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For weeks, the Buddha remained near the Bodhi tree, peaceful and serene. He was tempted to retire into a profound solitude instead of trying to teach others what it had taken him six long years to discover for himself.

Mark Epstein, psychiatrist: "He wants to stay there. He’s very happy. He doesn’t want to go out. He says to himself 'no one is going to understand this, people are going to think I’m crazy. They’re going to think I’m nuts.'"

Venerable Bhaddamanika, nun: "Buddha saw the nature of the people, and the envy and jealousy and the strong negative mental states. All the people in the world they are like the fishes wriggling in the very shallow water. So Buddha, he himself afraid to teach the people."

Epstein: "The myth is that a god come to the Buddha, Brahma comes on his knees, and says, 'please we need you. Why don’t you try talking about what you just understood, because the world…the gods need it and the men need it, people need it.'"

Bhaddamanika: "And then Buddha decided to give his teachings because of a great compassion—it’s not an ordinary compassion."

Robert Tenzin Thurman, scholar: "When you feel the feelings of others you automatically don’t want them to feel bad. You feel the feeling of your hand; you don’t put it in the oven. You’re not being compassionate to your hand; you just feel the pain so you’re not going to put it there. So you feel other’s pain, you’re going to do your best to alleviate it."

Venerable Metteyya Sakyaputta, monk: "When somebody becomes enlightened something blooms in his heart. It’s like a flower blooms and it cannot hold the fragrance. It has to naturally release. So it’s like he naturally had to release his radiance. He has to share this joy that was in his heart."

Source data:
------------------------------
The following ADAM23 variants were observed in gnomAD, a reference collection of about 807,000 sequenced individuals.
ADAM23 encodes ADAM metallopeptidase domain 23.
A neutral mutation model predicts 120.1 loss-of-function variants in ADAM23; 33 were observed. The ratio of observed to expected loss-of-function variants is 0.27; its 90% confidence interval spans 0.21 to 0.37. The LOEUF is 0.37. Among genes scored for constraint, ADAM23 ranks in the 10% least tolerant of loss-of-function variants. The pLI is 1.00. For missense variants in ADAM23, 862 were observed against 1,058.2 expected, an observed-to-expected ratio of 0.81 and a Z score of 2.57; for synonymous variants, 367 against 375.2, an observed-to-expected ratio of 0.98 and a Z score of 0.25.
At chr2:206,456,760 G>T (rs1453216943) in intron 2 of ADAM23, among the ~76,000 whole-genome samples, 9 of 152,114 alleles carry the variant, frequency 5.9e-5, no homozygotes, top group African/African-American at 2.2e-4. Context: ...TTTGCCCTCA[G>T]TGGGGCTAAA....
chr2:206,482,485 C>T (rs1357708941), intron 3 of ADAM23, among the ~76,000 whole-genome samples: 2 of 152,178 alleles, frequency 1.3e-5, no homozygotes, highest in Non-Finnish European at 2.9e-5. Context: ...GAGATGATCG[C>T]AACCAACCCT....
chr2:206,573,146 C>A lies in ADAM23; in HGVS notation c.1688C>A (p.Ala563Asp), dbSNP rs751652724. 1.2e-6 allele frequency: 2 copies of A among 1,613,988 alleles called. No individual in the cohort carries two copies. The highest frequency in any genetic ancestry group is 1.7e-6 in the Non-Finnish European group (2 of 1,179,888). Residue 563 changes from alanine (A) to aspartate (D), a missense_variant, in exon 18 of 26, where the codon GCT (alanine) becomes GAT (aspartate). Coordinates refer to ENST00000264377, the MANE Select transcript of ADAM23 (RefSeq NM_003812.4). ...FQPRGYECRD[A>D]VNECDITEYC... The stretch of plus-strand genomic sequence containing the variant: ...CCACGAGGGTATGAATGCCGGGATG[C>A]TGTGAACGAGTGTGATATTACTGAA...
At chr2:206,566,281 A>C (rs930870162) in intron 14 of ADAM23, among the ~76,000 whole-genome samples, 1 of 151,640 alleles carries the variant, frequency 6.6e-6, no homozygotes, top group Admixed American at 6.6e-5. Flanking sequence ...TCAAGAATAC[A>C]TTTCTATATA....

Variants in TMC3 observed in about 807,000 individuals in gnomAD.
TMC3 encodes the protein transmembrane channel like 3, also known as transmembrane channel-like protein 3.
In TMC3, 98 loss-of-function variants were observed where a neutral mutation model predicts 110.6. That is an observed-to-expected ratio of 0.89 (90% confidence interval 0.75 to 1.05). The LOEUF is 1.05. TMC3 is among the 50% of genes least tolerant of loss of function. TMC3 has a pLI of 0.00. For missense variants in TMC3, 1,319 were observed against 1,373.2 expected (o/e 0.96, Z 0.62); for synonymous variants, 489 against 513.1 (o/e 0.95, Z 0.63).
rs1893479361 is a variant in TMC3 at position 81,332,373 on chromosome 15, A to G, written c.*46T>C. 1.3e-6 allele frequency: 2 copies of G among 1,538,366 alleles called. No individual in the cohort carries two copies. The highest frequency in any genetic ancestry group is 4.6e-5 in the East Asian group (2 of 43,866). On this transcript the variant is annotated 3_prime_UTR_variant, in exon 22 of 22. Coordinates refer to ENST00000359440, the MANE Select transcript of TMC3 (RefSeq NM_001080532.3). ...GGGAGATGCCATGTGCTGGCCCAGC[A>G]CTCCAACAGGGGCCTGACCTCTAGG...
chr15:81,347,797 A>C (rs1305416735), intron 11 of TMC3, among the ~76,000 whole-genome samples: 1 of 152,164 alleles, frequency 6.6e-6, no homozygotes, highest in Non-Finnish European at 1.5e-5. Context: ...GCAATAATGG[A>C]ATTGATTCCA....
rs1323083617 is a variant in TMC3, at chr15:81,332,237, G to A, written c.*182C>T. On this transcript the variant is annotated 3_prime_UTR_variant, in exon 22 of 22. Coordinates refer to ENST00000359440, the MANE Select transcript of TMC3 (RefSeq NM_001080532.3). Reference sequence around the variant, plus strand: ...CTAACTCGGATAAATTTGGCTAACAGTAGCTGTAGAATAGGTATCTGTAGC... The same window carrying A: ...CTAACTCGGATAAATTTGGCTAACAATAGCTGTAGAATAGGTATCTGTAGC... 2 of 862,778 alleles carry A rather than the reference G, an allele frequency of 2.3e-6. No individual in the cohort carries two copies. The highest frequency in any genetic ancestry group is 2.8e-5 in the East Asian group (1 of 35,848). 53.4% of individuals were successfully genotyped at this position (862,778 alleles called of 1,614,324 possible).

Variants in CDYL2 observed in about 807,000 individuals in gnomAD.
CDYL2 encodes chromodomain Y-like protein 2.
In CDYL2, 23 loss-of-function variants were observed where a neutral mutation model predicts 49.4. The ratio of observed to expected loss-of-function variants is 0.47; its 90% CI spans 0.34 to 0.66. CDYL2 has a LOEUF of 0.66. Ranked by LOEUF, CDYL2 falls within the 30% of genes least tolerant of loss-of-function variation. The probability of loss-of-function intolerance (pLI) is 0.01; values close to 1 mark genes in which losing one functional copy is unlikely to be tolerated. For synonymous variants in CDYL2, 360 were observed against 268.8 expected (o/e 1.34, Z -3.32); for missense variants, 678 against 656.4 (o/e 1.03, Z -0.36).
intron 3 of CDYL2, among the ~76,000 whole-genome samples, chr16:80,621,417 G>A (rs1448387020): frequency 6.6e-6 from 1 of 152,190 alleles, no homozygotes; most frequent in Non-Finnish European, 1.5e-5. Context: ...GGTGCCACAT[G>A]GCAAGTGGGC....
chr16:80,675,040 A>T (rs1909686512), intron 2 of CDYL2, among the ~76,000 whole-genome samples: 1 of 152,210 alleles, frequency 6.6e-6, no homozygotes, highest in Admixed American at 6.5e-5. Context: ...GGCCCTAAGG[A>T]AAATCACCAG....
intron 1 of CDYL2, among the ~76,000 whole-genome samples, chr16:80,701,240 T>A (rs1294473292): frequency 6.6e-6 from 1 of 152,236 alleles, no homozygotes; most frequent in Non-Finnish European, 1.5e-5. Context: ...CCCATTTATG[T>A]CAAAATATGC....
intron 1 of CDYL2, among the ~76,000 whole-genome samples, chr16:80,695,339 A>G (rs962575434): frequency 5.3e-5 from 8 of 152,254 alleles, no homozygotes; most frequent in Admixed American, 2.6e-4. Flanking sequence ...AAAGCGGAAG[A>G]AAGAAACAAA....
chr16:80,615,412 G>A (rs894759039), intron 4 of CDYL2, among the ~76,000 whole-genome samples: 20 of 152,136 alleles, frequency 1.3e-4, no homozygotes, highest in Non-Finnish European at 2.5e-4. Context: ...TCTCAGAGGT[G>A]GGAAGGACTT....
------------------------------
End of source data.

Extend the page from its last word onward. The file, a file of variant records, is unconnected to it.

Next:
Thirty-five years old, the Buddha would devote the rest of his life to bringing his teachings—the Dharma, the fundamental laws of all things—into the world. But as he had feared, it would not be easy.

Standing Buddha
Standing Buddha
Museum of Art, Carnegie Institute
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As he set off to share what he had learned, he met a wandering ascetic. “Who is your guru,” the ascetic asked him. The Buddha said he had no guru, that he had attained enlightenment on his own. "It may be so," the ascetic said, and walked away. On his first attempt to teach, the Buddha had failed.

Jane Hirshfield, poet: "Buddha meets someone who doesn’t see anything special about him because the awakened Buddha doesn’t look any different from anybody else. He is ordinary. Buddhism is not about being special. Buddhism is about being ordinary. And it is not about the continual exudation of bliss. It is about walking a normal human life with normal human beings, doing normal human things."

And this reminds you that you yourself might be a Buddha. At this moment, the person you’re looking at might be one. It’s an interesting practice. Just each person you see as you walk down the street; “Buddha? Buddha? Buddha? Buddha? Buddha?”


Major funding provided by: National Endowment for the Humanities, PBS, Corporation for Public Broadcasting, and the Robert H. N. Ho Family Foundation. Additional funding provided by: the Arthur Vining Davis Foundations, the Shinnyo-en Foundation, the Shelley and Donald Rubin Foundation, the Bumper Foundation, and viewers like you.